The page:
Gluten-sensitive enteropathy is an inflammatory disease of the small intestine resulting in failure to uptake nutrients. Gluten is a protein in wheat and other cereals such as barley. The condition is due to a product of gluten digestion which is toxic to mucosal cells and causes an immune response. Enteropathy causes malabsorption of iron, calcium, vitamins, and other vital nutrients. A familial gluten-sensitive enteropathy has been described in the Irish Setter. In Irish setters the disease is seen between 4 and 7 months of age. Affected puppies fail to gain weight and have chronic diarrhea.
Diagnosis is based on resolution of signs when the animal is fed gluten-free diet and recurrence of clinical signs when the diet is withdrawn. Diagnosis is further confirmed by low folate levels but normal vitamin B12 levels. A definitive diagnosis is made from biopsy of the small intestine.
Affected dogs should be placed on a gluten-free diet and maintained on this once symptoms have disappeared. This means the diet must be free from cereal products. Instead, rice-based foods and canned meat should be used. However, commercial pet foods contain some form of gluten, and even small amounts can prevent recovery. In some cases, dietary treatment must continue for months or years before remission is seen. The prognosis is generally good so long as the condition is not advanced. With time, affected animals can lose an allergy to gluten and recover tolerance for this food.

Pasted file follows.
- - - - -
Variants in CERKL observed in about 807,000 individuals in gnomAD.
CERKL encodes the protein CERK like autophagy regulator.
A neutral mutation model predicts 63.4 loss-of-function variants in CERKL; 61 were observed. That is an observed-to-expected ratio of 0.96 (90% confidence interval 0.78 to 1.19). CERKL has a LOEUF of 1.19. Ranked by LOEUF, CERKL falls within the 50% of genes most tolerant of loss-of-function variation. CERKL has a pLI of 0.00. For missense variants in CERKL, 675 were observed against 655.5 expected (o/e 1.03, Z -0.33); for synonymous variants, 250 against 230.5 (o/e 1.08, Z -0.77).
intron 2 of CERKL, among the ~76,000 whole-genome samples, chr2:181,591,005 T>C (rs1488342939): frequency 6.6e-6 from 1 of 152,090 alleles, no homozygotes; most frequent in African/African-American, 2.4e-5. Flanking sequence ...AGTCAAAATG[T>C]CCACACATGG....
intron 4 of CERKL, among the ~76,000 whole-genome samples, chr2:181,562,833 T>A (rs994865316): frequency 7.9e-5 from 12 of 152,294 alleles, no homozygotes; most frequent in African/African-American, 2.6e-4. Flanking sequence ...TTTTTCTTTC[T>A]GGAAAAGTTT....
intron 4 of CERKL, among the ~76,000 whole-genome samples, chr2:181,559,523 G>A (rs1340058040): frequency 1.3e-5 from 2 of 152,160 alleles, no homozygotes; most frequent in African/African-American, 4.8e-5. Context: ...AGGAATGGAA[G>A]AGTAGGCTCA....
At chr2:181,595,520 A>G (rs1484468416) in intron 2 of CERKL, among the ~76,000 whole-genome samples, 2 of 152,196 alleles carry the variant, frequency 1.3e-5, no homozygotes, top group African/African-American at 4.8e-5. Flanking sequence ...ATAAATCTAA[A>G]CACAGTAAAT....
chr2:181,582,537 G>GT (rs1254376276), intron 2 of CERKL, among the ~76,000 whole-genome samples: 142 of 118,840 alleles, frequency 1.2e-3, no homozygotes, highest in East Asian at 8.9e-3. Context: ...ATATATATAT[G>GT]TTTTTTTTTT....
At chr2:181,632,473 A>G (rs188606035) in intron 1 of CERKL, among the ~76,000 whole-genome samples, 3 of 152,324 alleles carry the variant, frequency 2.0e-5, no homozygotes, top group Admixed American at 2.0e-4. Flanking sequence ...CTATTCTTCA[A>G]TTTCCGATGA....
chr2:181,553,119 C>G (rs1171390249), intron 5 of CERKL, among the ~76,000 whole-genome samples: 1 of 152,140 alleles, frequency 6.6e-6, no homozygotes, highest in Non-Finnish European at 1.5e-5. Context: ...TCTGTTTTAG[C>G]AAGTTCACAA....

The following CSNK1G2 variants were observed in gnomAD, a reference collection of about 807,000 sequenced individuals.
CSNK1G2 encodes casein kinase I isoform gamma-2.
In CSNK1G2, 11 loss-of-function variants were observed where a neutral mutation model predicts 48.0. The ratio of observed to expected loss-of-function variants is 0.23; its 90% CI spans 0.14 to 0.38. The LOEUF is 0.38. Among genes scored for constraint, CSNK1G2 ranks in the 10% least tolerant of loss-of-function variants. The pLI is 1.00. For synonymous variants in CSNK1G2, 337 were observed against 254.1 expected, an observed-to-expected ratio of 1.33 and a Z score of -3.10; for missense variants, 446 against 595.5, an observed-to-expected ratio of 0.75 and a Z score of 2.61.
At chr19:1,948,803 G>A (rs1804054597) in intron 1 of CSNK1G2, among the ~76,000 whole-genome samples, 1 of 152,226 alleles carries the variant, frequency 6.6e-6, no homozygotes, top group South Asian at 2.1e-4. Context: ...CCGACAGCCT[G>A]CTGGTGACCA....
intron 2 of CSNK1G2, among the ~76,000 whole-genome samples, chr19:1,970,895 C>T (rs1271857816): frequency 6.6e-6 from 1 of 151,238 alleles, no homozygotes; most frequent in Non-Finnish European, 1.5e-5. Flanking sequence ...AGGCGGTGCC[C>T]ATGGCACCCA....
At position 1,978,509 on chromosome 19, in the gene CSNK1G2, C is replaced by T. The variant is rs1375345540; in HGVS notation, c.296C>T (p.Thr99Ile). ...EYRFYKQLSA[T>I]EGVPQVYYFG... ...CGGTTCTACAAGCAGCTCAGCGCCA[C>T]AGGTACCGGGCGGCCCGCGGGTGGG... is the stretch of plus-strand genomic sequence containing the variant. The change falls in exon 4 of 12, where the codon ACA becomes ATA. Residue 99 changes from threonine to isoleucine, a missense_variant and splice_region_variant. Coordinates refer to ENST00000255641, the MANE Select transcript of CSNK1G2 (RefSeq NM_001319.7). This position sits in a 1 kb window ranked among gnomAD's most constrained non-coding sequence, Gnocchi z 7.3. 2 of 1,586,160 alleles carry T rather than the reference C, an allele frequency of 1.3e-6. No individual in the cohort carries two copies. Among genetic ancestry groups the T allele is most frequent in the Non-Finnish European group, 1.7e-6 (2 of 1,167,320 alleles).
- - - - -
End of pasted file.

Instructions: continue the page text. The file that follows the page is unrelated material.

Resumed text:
- John K. Dunn. Textbook of Small Animal Medicine
- James W. Simpson and Roderick W. Else. Digestive Disease in the Dog and Cat
- Donald R. Strombeck. Home-Prepared Dog & Cat Diets: the Healthful Alternative